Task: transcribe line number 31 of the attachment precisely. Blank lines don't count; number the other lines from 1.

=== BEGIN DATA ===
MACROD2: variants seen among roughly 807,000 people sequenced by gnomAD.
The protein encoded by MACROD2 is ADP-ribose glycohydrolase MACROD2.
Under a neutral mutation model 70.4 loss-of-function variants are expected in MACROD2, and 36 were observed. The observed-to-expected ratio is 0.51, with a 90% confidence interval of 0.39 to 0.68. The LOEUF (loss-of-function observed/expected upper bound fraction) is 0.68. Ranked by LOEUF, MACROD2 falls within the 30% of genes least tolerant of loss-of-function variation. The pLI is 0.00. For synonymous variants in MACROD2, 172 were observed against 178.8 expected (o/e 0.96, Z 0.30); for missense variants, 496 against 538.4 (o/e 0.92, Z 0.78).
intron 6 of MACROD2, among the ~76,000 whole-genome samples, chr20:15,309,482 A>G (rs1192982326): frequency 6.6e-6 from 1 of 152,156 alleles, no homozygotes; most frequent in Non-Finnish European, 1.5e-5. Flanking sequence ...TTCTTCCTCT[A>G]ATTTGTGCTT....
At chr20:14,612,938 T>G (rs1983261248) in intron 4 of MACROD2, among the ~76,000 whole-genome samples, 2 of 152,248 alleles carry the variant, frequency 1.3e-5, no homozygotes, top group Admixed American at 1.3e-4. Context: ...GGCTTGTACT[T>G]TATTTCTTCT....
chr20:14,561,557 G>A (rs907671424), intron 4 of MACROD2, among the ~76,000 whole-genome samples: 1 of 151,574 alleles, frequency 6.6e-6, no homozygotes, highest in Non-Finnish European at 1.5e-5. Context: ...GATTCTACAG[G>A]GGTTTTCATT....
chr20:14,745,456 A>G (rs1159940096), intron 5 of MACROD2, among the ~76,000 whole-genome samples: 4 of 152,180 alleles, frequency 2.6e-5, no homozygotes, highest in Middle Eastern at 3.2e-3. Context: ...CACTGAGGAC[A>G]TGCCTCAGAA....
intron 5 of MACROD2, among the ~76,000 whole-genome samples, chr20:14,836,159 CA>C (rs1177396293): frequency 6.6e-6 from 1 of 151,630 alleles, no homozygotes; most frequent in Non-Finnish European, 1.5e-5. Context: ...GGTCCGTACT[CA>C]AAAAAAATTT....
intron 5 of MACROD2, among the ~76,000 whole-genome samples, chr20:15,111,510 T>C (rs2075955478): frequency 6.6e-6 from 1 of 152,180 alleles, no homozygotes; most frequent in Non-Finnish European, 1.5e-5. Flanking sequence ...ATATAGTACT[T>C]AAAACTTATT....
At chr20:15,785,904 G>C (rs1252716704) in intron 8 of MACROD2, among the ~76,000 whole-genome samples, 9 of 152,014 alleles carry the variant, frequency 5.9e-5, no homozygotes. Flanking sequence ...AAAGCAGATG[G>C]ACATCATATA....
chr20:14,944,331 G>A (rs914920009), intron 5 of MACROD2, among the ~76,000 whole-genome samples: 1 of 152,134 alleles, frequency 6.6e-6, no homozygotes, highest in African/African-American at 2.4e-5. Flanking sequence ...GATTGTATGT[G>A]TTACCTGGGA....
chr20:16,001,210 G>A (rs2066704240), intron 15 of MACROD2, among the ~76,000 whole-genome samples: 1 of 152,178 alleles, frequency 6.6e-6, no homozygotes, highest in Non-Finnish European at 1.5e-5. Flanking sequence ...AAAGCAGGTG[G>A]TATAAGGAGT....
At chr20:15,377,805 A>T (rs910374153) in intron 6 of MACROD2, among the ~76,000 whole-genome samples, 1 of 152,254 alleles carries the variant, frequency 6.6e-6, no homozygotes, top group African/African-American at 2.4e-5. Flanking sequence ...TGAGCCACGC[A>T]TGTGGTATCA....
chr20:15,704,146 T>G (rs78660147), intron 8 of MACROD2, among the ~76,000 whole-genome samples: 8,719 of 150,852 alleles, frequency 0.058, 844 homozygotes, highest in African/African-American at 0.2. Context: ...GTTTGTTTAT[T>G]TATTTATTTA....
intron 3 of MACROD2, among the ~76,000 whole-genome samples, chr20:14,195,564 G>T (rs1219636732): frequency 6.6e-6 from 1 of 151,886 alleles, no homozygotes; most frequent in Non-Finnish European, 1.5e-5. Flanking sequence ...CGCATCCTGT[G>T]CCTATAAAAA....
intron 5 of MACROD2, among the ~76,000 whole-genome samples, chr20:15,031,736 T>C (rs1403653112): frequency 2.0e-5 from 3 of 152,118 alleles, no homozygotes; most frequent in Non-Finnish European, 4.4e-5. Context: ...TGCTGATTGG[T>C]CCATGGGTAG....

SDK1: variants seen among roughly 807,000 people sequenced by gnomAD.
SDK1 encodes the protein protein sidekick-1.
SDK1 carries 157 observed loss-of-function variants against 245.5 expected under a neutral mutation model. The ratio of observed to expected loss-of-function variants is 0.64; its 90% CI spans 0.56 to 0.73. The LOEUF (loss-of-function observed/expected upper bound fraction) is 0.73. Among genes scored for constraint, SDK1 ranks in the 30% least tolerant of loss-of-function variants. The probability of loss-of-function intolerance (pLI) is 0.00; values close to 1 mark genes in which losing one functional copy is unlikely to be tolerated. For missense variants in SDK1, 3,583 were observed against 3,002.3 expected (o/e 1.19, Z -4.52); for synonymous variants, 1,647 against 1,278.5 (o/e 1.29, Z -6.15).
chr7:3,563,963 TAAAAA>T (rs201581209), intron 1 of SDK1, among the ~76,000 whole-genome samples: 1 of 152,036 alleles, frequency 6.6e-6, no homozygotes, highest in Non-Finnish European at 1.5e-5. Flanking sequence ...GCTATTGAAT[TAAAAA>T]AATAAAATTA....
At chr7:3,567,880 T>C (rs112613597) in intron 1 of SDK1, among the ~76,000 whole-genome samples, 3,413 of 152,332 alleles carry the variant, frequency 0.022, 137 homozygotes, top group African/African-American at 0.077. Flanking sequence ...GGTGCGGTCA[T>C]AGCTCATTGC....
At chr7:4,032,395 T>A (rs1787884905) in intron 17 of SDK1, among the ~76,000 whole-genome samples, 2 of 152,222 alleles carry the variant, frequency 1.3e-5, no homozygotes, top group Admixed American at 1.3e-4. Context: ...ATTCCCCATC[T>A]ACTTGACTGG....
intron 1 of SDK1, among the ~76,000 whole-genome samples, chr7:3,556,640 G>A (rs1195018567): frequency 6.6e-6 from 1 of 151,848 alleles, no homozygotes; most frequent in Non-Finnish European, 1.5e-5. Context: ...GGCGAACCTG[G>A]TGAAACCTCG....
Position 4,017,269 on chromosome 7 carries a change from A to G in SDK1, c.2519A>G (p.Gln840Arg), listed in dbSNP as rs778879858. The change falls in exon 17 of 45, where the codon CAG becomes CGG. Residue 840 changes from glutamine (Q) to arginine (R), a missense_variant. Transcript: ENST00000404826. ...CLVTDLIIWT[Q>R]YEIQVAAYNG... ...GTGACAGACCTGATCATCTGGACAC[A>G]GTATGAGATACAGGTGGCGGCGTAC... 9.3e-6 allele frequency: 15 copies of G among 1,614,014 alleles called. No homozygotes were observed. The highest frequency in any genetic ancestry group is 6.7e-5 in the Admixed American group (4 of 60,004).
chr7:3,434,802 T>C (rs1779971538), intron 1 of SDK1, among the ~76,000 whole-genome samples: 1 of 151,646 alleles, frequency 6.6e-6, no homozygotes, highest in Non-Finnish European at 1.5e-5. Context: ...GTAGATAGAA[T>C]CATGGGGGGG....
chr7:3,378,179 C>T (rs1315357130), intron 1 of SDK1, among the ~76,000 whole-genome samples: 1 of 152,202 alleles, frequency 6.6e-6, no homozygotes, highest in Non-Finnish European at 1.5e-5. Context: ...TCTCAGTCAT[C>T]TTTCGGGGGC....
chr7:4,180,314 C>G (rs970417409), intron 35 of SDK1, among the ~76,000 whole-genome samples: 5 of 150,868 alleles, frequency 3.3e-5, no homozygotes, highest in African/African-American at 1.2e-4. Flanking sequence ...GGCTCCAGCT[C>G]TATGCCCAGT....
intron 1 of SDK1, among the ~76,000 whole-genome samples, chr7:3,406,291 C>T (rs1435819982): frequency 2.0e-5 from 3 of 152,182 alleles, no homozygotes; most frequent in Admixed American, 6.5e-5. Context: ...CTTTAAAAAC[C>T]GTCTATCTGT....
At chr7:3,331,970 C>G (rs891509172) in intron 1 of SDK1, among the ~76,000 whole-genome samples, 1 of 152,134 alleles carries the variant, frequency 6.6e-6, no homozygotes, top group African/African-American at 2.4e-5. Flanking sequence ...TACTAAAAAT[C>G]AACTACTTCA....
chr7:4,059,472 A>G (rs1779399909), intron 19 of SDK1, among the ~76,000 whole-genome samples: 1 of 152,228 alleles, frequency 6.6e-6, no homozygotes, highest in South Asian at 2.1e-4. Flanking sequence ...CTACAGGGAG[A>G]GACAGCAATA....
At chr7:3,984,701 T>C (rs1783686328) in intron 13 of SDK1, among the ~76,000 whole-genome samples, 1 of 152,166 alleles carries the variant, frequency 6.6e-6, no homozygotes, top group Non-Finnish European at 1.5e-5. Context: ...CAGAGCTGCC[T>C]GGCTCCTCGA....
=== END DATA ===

At chr7:3,984,701 T>C (rs1783686328) in intron 13 of SDK1, among the ~76,000 whole-genome samples, 1 of 152,166 alleles carries the variant, frequency 6.6e-6, no homozygotes, top group Non-Finnish European at 1.5e-5. Context: ...CAGAGCTGCC[T>C]GGCTCCTCGA....